The Evolution of Scientism

There’s a curious thing which happens to those who believe that the only real knowledge comes from science: they start to believe that nearly everything—except what they want to reject—is science. Ultimately this should not be shocking, since people who live with a philosophy will invariably change it—gradually—until it is livable.

The people who become Scientismists generally start out extremely impressed with the clear and convincing nature of the proofs offered in the physical sciences. It would be more accurate to say, with the few best proofs in the physical sciences which are offered to them in school—but the distinction isn’t of great import. In practice, most of the impressive results tend to be in the field of Chemistry. It doesn’t hurt that Chemistry is a bit akin to magic, with the astonishing substances it allows people to make, but what it’s really best at is interesting, counter-intuitive predictions. Physics, at least as presented in school, generally allows you to predict simple things like where a thrown object will land or how far a hockey puck will skid on the ice. These aren’t very practical, and the results tend to be intuitive. Chemistry, by contrast, involves the mixing of strange chemicals with the results ranging from anything to nearly nothing to things which glow to explosions to enormously strong plastics.

And Chemistry does this with astonishing accuracy. If you start with clean reagents and mix them in the appropriate steps, you actually do end up with close to the right amount of what you’re supposed to end up with. If you try to run a physics experiment, you’ll probably be nowhere close to correct simply because the experiments are so darn finicky. I still remember when my high school honors physics class broke into groups to run an experiment to calculate acceleration due to gravity at the earth’s surface. The results were scattered between 2.3m/s and 7.3m/s (the correct answer is 9.8m/s).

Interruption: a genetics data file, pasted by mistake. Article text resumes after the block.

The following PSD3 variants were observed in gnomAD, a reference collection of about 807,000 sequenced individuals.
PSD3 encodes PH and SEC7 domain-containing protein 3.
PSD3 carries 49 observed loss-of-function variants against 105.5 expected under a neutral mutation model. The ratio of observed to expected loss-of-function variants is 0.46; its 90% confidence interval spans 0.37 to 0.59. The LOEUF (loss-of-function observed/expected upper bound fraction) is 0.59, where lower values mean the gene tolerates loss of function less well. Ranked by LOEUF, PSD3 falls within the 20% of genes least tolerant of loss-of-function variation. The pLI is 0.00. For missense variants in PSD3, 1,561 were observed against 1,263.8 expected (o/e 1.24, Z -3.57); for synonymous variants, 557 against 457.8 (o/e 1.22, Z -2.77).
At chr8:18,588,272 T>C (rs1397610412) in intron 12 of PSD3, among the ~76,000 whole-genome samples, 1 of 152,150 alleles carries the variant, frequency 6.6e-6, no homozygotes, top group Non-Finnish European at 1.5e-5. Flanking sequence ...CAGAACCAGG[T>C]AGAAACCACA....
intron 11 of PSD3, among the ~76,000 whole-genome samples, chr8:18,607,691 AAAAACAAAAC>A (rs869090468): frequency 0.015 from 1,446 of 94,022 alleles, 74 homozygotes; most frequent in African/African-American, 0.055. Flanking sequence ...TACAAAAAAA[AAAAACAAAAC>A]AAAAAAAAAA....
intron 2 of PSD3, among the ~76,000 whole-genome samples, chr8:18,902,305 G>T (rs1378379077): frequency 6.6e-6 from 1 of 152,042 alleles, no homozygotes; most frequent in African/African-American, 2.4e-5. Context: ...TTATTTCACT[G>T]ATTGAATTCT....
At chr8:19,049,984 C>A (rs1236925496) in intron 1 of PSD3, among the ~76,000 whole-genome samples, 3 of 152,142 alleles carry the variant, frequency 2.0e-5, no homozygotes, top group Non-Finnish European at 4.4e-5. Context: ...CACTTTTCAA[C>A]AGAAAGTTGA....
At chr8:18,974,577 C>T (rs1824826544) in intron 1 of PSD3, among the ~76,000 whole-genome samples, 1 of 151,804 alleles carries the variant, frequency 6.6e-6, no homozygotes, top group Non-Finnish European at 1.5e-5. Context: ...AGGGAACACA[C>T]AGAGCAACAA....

The problem for our budding Scientismist  is that virtually nothing outside of chemistry and (some of) physics is nearly as susceptible to repeatable experiment on demand. Even biology tends to be far less accommodating (though molecular biology is much closer to chemistry in this regard than the rest of biology is). Once you get beyond biology, things get much worse for the Scientismist; by the time you’re at things like morality, economics, crime & punishment, public decency, parenting and so forth, there aren’t any repeatable controlled experiments which you can (ethically) perform. And even if you were willing to perform unethical controlled experiments, the system involved is so complex that the very act of controlling the experiment (say, by raising a child inside of a box) affects the experiment. So what is the Scientismist to do?

What he should do, of course, is realize that Scientism is folly and give it up. The second best thing to do is to realize that (according to his theory) human beings live in near-complete ignorance and so he has nothing to say on any subject other than the hard sciences. What he actually does is to then declare all sorts of obviously non-scientific things to be science, and then accepts them as knowledge. Which is to say, he makes Scientism livable. It’s neither rational nor honest, but it is inevitable. In this great clash of reality with his ideas, something has to give—and the least painful thing to give up is a rigorous criteria for what is and is not science.

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